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    pam bilderback says

    I have just started to have hip pain and I saw an orthopedic doctor and he wants me to do therapy first, then he said we would think about injections. I'm sure he is talking about cortisone but I would rather have stem cells. A doctor friend of mine said my insurance wouldn't pay for it but I ride horses and would like to get back to it as soon as possible.
    What would it cost if I needed to self-pay? I used to live in Dallas for years but now live in Austin. I would gladly make the trip !!
    Can you give me any basic costs of this procedure and do insurance co. ever pay for this?

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    Chris Centeno says

    Pam,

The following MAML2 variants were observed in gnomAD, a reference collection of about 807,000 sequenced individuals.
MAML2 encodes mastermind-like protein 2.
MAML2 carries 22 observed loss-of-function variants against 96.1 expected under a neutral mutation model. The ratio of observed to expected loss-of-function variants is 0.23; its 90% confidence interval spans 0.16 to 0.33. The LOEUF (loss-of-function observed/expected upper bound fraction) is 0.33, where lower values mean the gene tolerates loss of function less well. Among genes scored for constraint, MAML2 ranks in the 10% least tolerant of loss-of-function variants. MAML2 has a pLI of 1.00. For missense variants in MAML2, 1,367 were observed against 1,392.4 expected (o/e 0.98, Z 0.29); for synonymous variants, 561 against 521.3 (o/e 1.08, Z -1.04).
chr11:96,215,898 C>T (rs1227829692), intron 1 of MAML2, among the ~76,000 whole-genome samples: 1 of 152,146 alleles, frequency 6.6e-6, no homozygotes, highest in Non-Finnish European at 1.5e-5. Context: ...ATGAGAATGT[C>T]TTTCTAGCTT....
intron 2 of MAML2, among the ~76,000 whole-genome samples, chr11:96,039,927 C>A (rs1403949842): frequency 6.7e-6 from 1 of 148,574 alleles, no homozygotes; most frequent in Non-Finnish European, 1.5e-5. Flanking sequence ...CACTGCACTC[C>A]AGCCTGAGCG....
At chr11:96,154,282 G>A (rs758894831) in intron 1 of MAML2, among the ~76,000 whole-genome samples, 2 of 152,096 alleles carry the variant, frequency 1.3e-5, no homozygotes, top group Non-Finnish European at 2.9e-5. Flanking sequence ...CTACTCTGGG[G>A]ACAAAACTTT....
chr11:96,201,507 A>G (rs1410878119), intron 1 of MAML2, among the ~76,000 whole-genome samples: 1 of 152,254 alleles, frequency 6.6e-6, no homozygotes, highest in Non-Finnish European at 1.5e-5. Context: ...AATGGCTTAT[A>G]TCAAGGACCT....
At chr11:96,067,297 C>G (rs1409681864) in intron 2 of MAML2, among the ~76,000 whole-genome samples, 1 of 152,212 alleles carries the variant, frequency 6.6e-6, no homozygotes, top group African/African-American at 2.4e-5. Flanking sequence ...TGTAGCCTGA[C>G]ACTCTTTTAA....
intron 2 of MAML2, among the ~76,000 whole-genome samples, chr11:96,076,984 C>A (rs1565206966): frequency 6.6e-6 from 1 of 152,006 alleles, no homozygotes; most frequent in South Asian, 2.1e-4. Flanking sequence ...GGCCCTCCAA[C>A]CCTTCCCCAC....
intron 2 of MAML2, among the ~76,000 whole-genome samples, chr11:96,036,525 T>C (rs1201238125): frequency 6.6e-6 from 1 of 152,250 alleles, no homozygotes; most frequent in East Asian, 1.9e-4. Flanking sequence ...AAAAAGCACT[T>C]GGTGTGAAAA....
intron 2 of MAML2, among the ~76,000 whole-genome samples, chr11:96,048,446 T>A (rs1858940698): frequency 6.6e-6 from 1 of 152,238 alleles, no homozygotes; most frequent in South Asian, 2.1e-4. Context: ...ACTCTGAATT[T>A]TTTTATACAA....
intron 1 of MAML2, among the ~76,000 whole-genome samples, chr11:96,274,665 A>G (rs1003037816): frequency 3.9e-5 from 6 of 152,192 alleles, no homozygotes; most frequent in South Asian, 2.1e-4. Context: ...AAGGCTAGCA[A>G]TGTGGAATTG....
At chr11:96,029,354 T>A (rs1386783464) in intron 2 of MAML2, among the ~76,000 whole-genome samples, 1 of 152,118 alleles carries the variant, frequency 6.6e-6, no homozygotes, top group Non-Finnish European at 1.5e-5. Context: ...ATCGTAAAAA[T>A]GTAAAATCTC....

Very wise! Cortisone injections can help with pain in the short run, but are are net negative as they escalate breakdown in the joint. Please see: http://www.regenexx.com/steroid-injection-risks/ Unfortunately, Insurance doesn't pay for stem cell procedures at this time. However, if your insurance is in network the Exam is usually covered, and patients have shared that other parts of the protocol, separate from the procedure itself are often covered when the insurance is within network. Cost depends on what would need to be done in your particular case. Please submit the Candidate form to see what would likely be needed in your particular case.

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    Dom Costabile says

    Chris